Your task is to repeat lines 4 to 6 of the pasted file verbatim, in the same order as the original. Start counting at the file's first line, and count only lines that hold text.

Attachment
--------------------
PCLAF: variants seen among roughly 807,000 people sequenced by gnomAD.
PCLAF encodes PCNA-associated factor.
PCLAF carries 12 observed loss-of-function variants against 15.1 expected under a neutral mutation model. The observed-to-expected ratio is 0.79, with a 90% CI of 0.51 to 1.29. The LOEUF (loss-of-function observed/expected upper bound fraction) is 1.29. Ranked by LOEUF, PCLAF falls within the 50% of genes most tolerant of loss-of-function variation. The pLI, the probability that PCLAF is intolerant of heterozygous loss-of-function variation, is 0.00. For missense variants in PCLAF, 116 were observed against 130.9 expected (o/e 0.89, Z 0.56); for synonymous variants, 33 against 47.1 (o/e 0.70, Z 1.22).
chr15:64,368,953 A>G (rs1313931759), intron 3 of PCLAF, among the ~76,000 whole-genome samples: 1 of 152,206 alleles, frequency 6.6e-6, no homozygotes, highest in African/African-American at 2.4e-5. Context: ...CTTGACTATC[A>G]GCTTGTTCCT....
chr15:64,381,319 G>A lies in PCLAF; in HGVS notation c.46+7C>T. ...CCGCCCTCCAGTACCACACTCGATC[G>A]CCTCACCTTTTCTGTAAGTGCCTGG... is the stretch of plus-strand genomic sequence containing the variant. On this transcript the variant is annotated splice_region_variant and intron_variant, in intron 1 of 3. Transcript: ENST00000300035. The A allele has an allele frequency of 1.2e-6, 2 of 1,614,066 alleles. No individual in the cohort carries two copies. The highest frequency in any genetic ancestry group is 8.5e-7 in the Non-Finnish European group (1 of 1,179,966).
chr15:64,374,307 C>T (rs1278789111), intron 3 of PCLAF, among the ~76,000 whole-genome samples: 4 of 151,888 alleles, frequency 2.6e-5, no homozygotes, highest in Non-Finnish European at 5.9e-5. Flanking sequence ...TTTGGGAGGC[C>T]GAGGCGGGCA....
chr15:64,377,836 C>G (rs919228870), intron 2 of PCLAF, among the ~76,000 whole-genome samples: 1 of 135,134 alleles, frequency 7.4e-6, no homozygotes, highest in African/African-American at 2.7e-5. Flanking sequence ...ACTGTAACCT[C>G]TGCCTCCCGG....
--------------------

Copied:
chr15:64,368,953 A>G (rs1313931759), intron 3 of PCLAF, among the ~76,000 whole-genome samples: 1 of 152,206 alleles, frequency 6.6e-6, no homozygotes, highest in African/African-American at 2.4e-5. Context: ...CTTGACTATC[A>G]GCTTGTTCCT....
chr15:64,381,319 G>A lies in PCLAF; in HGVS notation c.46+7C>T. ...CCGCCCTCCAGTACCACACTCGATC[G>A]CCTCACCTTTTCTGTAAGTGCCTGG... is the stretch of plus-strand genomic sequence containing the variant. On this transcript the variant is annotated splice_region_variant and intron_variant, in intron 1 of 3. Transcript: ENST00000300035. The A allele has an allele frequency of 1.2e-6, 2 of 1,614,066 alleles. No individual in the cohort carries two copies. The highest frequency in any genetic ancestry group is 8.5e-7 in the Non-Finnish European group (1 of 1,179,966).
chr15:64,374,307 C>T (rs1278789111), intron 3 of PCLAF, among the ~76,000 whole-genome samples: 4 of 151,888 alleles, frequency 2.6e-5, no homozygotes, highest in Non-Finnish European at 5.9e-5. Flanking sequence ...TTTGGGAGGC[C>T]GAGGCGGGCA....